What can I do if my aunt passed away 8 years ago and left her home to my mother and I but she doesn’t want to buy my half nor sell?

UPDATED: Dec 8, 2015

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What can I do if my aunt passed away 8 years ago and left her home to my mother and I but she doesn’t want to buy my half nor sell?

Both of our names are o the deed. My husband and I want out of this property.

Asked on December 8, 2015 under Real Estate Law, Alabama


M.D., Member, California and New York Bar / FreeAdvice Contributing Attorney

Answered 6 years ago | Contributor

A co-owner of property can force its sale. In cases where joint owners cannot agree on ownership matters (i.e. whether or not to sell), the party seeking the sale can go to court and seek the legal remedy of “partition”.  A partition can be accomplished either by physical division of the property if possible or by its sale. In this case, since physical division of a single family home is not practical, a judge would order a "partition by sale".
Once the property is sold, the proceeds will be equitably distributed to the owners (you and your mother). Although before a sale would be ordered, typically the court would permit the non-filing co-owner to purchase the interest of the remaining co-owner for fair market value.
That all having been said, filing for partition is expensive and time-consuming. Try to explain this to your mother. In the meantime, you may want to consult directly with a real estate attorney in your area. They can best advise you further.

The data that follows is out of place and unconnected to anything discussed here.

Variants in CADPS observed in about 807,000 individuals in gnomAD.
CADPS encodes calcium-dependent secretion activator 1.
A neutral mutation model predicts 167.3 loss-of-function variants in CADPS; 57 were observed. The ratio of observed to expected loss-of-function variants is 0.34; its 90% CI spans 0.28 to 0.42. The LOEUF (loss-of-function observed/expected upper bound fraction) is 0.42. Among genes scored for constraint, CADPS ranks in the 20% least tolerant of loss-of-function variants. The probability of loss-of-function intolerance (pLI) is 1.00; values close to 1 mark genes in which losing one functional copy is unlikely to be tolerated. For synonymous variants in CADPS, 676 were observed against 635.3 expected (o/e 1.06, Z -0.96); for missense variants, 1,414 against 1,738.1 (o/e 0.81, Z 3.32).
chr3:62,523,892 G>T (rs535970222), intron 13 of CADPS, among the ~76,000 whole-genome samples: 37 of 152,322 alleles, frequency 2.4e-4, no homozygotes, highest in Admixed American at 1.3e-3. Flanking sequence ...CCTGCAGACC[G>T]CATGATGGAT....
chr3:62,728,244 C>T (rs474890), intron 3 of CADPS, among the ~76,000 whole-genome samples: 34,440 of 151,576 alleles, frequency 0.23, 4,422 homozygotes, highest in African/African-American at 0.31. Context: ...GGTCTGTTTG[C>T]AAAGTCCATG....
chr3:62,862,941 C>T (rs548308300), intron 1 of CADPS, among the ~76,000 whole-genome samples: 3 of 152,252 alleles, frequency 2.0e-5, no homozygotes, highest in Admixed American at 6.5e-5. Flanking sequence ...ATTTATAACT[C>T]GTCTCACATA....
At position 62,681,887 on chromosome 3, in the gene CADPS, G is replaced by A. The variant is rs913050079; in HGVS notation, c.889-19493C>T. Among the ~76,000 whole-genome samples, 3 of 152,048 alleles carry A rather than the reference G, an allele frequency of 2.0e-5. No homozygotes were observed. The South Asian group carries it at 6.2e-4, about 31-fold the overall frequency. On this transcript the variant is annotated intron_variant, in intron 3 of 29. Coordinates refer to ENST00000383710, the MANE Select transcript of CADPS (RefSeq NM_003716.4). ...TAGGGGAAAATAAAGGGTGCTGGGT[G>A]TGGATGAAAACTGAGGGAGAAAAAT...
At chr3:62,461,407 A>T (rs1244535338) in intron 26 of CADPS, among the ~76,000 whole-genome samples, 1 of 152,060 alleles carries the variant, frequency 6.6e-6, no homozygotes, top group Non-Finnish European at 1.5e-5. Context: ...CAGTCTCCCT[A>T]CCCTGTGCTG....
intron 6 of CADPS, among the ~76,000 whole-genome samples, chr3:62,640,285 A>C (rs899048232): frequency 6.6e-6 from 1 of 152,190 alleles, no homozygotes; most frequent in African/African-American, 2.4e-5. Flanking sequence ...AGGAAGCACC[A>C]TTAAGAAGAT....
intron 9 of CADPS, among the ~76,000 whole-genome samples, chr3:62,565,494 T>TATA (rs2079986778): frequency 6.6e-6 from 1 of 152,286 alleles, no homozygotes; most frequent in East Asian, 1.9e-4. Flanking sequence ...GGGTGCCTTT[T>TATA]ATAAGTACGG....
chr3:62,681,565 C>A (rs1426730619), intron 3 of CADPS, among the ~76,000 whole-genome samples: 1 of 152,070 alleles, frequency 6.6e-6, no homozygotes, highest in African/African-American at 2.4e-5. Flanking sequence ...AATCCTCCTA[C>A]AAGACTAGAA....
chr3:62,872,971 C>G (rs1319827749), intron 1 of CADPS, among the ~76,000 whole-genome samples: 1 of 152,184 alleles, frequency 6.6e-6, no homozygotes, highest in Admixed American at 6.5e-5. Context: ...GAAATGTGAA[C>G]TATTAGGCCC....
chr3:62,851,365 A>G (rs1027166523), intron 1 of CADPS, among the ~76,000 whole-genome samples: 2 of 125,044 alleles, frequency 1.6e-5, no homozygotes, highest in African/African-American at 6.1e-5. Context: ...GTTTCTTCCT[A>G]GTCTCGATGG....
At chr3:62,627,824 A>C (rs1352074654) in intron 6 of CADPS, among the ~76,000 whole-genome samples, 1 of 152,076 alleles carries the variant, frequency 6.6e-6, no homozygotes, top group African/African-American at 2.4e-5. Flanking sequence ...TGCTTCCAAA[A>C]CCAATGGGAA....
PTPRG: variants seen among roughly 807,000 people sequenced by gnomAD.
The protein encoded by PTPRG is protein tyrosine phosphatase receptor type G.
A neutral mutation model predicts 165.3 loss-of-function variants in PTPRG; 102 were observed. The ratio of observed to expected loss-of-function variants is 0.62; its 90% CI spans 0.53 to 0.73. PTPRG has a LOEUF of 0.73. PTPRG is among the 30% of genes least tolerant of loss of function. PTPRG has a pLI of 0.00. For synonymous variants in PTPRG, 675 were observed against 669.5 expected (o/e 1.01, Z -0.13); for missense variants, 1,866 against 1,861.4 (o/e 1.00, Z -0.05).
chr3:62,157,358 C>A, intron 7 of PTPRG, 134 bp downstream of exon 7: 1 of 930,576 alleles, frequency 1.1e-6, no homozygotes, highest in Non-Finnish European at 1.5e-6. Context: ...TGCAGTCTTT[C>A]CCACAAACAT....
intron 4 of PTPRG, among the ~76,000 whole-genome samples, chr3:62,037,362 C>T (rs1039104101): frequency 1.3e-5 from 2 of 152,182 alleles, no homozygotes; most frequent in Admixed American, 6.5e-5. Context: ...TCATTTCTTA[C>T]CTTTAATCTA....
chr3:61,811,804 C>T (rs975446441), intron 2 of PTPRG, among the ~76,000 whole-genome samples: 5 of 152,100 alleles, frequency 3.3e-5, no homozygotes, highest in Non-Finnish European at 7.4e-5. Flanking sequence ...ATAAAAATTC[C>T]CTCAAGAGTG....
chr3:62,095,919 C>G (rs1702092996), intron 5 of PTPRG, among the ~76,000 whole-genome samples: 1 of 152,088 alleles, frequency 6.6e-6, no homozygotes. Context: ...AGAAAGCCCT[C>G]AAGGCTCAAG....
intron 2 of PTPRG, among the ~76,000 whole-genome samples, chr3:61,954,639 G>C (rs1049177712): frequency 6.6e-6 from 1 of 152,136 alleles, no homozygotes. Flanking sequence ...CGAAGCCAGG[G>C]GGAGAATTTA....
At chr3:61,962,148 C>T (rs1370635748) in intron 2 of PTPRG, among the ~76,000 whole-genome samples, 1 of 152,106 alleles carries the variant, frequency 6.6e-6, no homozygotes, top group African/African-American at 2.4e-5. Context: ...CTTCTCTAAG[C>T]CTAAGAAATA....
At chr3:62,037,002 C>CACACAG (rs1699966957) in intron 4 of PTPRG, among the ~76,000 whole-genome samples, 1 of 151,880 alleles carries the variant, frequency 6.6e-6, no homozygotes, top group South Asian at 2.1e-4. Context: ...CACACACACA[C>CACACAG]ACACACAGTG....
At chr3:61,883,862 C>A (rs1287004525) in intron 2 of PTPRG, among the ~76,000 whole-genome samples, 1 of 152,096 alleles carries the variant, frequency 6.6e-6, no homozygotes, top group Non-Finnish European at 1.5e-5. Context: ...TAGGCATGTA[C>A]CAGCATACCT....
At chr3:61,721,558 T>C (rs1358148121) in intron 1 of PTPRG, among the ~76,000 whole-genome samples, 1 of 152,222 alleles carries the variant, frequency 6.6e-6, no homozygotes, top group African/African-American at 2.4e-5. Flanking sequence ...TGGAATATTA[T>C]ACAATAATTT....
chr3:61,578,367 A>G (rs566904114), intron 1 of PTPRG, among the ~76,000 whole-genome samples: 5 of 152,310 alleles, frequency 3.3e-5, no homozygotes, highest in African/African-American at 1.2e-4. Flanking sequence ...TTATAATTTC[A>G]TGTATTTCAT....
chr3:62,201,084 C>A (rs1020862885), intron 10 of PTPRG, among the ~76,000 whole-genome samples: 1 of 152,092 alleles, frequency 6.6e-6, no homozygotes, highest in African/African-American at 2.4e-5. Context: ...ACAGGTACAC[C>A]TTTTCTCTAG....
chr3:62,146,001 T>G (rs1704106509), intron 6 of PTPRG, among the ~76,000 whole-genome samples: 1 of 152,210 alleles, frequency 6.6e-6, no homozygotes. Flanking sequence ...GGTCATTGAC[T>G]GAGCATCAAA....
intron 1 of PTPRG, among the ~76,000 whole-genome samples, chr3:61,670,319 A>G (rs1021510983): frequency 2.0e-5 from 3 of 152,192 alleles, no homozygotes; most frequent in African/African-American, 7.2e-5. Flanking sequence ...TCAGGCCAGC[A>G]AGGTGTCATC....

IMPORTANT NOTICE: The Answer(s) provided above are for general information only. The attorney providing the answer was not serving as the attorney for the person submitting the question or in any attorney-client relationship with such person. Laws may vary from state to state, and sometimes change. Tiny variations in the facts, or a fact not set forth in a question, often can change a legal outcome or an attorney's conclusion. Although AttorneyPages.com has verified the attorney was admitted to practice law in at least one jurisdiction, he or she may not be authorized to practice law in the jurisdiction referred to in the question, nor is he or she necessarily experienced in the area of the law involved. Unlike the information in the Answer(s) above, upon which you should NOT rely, for personal advice you can rely upon we suggest you retain an attorney to represent you.

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